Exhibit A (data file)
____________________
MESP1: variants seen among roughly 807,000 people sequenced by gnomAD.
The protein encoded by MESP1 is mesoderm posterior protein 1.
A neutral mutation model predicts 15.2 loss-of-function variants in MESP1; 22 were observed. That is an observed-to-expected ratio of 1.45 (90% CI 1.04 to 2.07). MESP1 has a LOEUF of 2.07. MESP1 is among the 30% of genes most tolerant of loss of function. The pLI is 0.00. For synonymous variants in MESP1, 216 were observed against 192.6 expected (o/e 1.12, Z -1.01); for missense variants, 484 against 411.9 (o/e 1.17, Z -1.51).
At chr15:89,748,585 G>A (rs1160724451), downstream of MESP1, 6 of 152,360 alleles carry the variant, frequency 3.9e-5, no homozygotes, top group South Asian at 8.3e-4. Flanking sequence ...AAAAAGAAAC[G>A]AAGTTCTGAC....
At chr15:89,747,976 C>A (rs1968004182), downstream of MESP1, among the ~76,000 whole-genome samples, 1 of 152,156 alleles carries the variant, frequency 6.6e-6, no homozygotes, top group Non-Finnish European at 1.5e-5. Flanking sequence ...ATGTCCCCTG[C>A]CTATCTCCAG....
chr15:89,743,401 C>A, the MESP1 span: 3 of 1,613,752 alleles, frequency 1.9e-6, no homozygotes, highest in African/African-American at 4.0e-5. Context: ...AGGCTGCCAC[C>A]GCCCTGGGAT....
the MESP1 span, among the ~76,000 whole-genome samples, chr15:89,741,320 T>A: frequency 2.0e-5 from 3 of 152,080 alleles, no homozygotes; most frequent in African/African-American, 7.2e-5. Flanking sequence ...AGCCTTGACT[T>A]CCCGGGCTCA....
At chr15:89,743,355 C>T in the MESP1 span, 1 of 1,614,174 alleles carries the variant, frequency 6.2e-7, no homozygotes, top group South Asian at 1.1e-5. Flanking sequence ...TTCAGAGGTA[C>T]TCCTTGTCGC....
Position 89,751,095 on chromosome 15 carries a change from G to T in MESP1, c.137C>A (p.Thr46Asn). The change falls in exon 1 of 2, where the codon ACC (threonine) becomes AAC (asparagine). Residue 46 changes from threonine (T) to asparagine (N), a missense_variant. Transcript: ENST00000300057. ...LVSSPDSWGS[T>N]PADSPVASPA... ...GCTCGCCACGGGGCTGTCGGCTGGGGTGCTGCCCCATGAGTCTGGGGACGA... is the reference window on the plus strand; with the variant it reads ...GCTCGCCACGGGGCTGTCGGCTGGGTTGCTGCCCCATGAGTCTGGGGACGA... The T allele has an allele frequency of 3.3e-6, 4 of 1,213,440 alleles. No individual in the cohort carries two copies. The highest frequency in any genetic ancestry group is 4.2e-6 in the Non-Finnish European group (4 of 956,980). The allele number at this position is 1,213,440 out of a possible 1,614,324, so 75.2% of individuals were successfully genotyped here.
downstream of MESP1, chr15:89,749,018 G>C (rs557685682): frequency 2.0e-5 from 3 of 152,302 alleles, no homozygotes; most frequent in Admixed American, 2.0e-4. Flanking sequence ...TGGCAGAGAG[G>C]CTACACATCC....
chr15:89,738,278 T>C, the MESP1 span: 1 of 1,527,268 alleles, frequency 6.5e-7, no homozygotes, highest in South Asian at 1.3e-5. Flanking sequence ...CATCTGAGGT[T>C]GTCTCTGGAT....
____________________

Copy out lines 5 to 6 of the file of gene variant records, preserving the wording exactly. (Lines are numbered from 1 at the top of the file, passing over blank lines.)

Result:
At chr15:89,747,976 C>A (rs1968004182), downstream of MESP1, among the ~76,000 whole-genome samples, 1 of 152,156 alleles carries the variant, frequency 6.6e-6, no homozygotes, top group Non-Finnish European at 1.5e-5. Flanking sequence ...ATGTCCCCTG[C>A]CTATCTCCAG....
chr15:89,743,401 C>A, the MESP1 span: 3 of 1,613,752 alleles, frequency 1.9e-6, no homozygotes, highest in African/African-American at 4.0e-5. Context: ...AGGCTGCCAC[C>A]GCCCTGGGAT....